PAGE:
A new resource developed by NQF's National Quality Partners (NQP), in collaboration with the Centers for Disease Control and Prevention (CDC) and HCA, provides an urgently needed tool to help acute-care hospitals implement strategies for safer use of antibiotics. Antibiotic Stewardship in Acute Care: A Practical Playbook, is a practical tool to help hospital staff strengthen existing antibiotic stewardship initiatives or create antibiotic stewardship programs from the ground up.

The Playbook will help hospitals comply with new rules from The Joint Commission, expected to go into effect in early 2017, that require hospitals to have antibiotic stewardship programs in place, as well as new criteria expected later this year from The Leapfrog Group.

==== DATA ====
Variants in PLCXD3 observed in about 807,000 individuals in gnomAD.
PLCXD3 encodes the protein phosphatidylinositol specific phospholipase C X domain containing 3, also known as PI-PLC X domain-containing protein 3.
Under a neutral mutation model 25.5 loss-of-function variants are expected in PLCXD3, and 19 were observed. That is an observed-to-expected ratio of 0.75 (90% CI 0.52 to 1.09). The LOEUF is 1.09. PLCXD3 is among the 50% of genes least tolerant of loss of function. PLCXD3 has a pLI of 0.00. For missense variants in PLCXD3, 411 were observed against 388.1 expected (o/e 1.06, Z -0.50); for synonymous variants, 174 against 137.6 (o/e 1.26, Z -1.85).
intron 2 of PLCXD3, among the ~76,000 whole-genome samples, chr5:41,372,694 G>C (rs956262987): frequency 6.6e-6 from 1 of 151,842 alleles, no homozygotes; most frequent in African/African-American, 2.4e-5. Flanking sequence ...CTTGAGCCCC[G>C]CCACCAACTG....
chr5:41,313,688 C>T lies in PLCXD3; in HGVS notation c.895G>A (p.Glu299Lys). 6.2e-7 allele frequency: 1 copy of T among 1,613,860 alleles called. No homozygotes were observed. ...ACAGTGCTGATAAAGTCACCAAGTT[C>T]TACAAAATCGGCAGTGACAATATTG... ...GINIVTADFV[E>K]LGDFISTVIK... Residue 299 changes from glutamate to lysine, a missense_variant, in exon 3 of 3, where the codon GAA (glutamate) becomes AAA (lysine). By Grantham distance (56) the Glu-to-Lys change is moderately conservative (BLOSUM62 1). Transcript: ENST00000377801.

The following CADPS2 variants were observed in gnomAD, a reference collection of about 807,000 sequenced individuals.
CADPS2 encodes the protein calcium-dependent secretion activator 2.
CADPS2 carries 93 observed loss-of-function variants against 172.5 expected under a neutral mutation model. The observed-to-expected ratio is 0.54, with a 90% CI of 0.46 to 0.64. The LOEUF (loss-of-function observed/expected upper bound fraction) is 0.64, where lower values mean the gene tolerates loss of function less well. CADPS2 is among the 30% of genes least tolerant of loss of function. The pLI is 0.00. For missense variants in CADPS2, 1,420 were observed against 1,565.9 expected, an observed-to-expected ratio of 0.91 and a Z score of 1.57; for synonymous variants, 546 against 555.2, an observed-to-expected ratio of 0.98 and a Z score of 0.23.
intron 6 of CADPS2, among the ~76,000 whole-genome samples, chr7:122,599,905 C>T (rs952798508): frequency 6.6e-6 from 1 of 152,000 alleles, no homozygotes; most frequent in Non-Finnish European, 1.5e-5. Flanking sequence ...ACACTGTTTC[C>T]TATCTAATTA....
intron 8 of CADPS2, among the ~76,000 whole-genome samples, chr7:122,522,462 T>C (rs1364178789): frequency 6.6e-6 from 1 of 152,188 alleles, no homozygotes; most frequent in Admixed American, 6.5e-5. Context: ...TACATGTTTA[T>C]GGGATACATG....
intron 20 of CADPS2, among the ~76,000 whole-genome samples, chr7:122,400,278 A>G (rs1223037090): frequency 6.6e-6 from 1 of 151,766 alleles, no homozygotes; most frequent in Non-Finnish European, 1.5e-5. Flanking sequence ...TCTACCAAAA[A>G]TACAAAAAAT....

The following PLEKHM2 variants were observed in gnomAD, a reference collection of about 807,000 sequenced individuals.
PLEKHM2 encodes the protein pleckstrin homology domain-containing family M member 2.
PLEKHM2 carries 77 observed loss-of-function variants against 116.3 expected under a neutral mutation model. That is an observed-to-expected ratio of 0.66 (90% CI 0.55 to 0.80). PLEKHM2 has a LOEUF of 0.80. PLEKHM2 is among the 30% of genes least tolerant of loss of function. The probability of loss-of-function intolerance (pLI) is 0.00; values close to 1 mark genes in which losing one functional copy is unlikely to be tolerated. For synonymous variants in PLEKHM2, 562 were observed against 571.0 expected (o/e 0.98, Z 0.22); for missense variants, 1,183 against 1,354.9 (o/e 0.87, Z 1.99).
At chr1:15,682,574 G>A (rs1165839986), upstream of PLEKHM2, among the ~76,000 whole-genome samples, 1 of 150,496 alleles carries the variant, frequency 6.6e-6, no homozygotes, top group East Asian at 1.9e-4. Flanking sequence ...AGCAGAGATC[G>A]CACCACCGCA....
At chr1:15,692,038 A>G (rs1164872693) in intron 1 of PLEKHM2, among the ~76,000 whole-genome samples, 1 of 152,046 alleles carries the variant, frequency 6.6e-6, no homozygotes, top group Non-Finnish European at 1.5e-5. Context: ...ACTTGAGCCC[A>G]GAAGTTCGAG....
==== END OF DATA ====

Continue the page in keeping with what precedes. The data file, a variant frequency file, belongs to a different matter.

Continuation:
More than 1,100 people participated in the May 25 Playbook launch webinar, and more than 6,200 people downloaded the Playbook within the first six days of its release. National media joined a special NQF web briefing on antibiotic stewardship and how the Playbook will help hospitals address this life-threatening national public health issue.

Next Steps

In the coming months, NQP plans to assess the effectiveness of the Playbook in hospitals throughout the United States and to explore opportunities to convene stakeholders to develop antibiotic stewardship playbooks for other healthcare settings. If you are interested in sharing feedback on the Playbook or supporting future initiatives, please contact National Quality Partners.